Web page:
Honestly, Charlize Theron and her crazy haircuts are worth of their own post at some point in the future.
They Aren’t Perfect But, Again, Who Cares
The MCU, especially post-Endgame, is just exhausting. Star Wars fans have mostly ruined Star Wars and are somehow more factionalized than the world the films created. The F&FCU is extremely flawed, in ways that are sometimes even worse than either of the other universes. For instance:
- A lot of people are probably dead as collateral damage, which is rarely remarked on.
- The series goes from B-movie crime spree to extreme/dark thriller to over-the-top spy movies too quickly, with little transition.
- While the stunts are fun to watch, they’re often comically unrealistic even by movie standards.
- Because of a weird charter issue, the actual release order of the films does not match the chronological order, which means you have to accept some huge anachronisms.
You know what the best part about any F&FCU film is? I ain’t gotta mute my tweets because I’m tired of people complaining about it. The weird ret-cons, the infinitely long runways, and 900-gear shifters are part of the silly universe and fans seem to be able to accept that without getting all bent out of shape.
How You Should Watch The Films
Fast X is coming out next month so now is as good a time as any to catch up on the films. Here’s the order I’d watch with a little explanation for what to expect when you watch them. This is watching them in the chronological order:
Better Luck Tomorrow – “Better Luck Tomorrow” only includes Han and, because Han is in high school, seems to pre-date the original “The Fast and the Furious.” If there’s one overarching message of the film series it’s not that you’ve got to help friends, it’s that you’re responsible for your actions and your actions will always find you. In this way, “BLT” is a fitting prequel.
The Fast And The Furious – This is the original and, probably, the best. This is where you learn who all the main characters are and you get the best tuna-related jokes.
Turbo-Charged Prelude – No, not that kind of Prelude. This short film tries to explain how we go from the Vin Diesel-led movie to a film where Ludacris, Tyrese and Paul Walker jet around Florida for Eva Mendes. It also has Minka Kelly in it. This was back when the films tried to make sense of things. You can watch the whole thing above.
2 Fast 2 Furious – Some would argue that this is the worst film in the franchise. I would not. It has a lot of silly car fun and you get Tyrese saying “Ejecto Seat Cuz” as well as the introduction of Ludacris and Tyrese (the Rosencrans and Guildenstern of the series).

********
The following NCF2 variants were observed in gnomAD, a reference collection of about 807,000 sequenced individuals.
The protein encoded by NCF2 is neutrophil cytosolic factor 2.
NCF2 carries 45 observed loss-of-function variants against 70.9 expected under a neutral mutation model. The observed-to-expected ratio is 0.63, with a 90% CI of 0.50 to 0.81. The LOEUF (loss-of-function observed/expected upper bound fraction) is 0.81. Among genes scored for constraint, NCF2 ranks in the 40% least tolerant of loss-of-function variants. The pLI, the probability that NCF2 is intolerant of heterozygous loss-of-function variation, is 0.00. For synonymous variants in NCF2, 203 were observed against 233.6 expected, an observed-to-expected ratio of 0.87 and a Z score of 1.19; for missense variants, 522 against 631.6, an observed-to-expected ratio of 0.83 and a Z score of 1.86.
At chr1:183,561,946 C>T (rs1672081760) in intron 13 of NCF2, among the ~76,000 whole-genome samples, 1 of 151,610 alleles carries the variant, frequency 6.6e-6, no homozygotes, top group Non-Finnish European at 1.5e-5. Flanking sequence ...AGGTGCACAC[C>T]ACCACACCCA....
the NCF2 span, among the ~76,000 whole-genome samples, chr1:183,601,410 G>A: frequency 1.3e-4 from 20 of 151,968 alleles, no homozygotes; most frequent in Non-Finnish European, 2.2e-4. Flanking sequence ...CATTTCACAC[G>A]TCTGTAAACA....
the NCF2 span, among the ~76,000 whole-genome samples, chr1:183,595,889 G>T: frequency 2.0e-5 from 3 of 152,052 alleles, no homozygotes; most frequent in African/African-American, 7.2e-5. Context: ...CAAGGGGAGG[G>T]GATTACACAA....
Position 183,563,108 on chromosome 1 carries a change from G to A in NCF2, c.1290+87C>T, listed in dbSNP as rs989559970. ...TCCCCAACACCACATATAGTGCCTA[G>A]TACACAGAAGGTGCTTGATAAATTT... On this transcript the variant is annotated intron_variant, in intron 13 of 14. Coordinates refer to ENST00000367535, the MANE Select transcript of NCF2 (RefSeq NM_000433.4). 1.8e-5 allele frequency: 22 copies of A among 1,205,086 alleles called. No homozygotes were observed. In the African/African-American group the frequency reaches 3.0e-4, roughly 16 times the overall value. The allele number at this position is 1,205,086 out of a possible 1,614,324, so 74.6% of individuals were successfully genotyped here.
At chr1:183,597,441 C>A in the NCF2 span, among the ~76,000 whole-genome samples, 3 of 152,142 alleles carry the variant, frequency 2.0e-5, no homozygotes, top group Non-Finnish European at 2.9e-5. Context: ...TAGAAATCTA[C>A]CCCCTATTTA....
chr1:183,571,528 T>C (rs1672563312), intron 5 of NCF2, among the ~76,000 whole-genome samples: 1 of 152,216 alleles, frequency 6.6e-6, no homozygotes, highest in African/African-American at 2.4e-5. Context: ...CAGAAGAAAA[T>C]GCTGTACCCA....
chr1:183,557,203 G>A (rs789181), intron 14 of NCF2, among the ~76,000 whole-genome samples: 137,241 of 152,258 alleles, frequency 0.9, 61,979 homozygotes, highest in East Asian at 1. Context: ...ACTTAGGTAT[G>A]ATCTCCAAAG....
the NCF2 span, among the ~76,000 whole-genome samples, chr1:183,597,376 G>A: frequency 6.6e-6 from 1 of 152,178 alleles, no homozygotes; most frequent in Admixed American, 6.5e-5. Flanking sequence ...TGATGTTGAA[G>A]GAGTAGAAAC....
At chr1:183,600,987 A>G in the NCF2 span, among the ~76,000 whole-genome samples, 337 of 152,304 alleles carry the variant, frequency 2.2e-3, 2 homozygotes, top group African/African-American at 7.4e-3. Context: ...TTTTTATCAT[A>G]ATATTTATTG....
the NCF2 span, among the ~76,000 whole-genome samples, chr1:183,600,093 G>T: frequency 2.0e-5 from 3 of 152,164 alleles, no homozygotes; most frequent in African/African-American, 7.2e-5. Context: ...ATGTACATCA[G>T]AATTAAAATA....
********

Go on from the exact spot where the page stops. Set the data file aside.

Los Bandoleros – Here’s another weird one. You would think that Fast and Furious 3: Tokyo Drift would be the next film. It’s not. In the F&FCU universe you have to wait a while. Instead, you get this short film directed and written by Vin Diesel. A lot of it’s in Spanish and it sets up the events of Fast & Furious (the fourth film). I have terrible news for you: It’s kinda good. We also get introduced to Tego and Don Omaro.
Fast & Furious – This is where the films transition from fun crime films to darker and grittier. This is, in my opinion, the actual worst film in the series. It’s fine to watch and we get introduced to Gal Gadot’s Gisele. It is tonally off a little bit.
Fast Five – Great car chases. Bank vaults. And, of course, The Rock. The showdown between The Rock’s Agent Hobbs and Vin Diesel’s Toretto are legendary. We’re still in the gritty era and it is, I think, the best of those films.
Fast & Furious 6 (Up to the credit sequence) – Who names these things? Great cars. Great bad guy (Luke Evans). You have to pause before you get to the credits.
Tokyo Drift – This is no longer a controversial argument, but aside from the original film, Tokyo Drift has the most fun and heart in the entire series. It’s my favorite of the films, even if it’s not the best.
Fast & Furious 6 Credit Sequence – I guess it’s a huge spoiler to explain why you have to do this so I won’t, so just trust me. This is where we meet Jason Statham who is, like he is in everything, freakin’ great.
Furious 7 – The OG Statham movie and where we, sadly, have to say good by to Paul Walker’s character (RIP Paul Walker).
The Fate of the Furious – This is the first of the superhero/superspy film period and we get, as a reward, Charlize Theron as the perfect bad guy. Also Kurt Russell shows up.
Fast And Furious Presents: Hobbs and Shaw – More of Helen Mirren’s kids show up, which means more of Helen Mirren. Yippee!
F9 – Pushing the racial ambiguity of Vin Diesel and the series to the limit, we get John Cena as Dom’s long lost brother. We also get flying cars, Charlize Theron again, and more Helen Mirren. Also… Space Fiero.
Fast X – Coming to theaters next month with, and I’m not joking about this, Jason Momoa on a motorcycle, Brie Larson, and even Rita Moreno.
[Editor’s Note: I can’t sit through these fucking movies. I can’t not be exasperated by the way all the main characters seem to be able to take several pianos to the face without flinching or just accept it when they drive a Lykan Hypersport with shit brakes from one skyscraper to another through the air or not dry heave a little bit every time whatshisname says “fambly.”
I can’t just take scenes shot like this as fine:
… and now a shot-reverse-shot of characters standing shoulder-to-shoulder gazing in opposite directions. And that gives you unintentional forced-perspective.— Todd Vaziri (@tvaziri) April 1, 2021
In screen space, it looks like they're making eye contact, which is super-powerful to our brains. pic.twitter.com/KaiJr3F15b
But, what Matt has done is make me feel like a bit of a pompous asshole who should just relax and eat some fucking candy, sometimes, so in that sense, Matt, I think you’ve done your job here. Good work? – JT]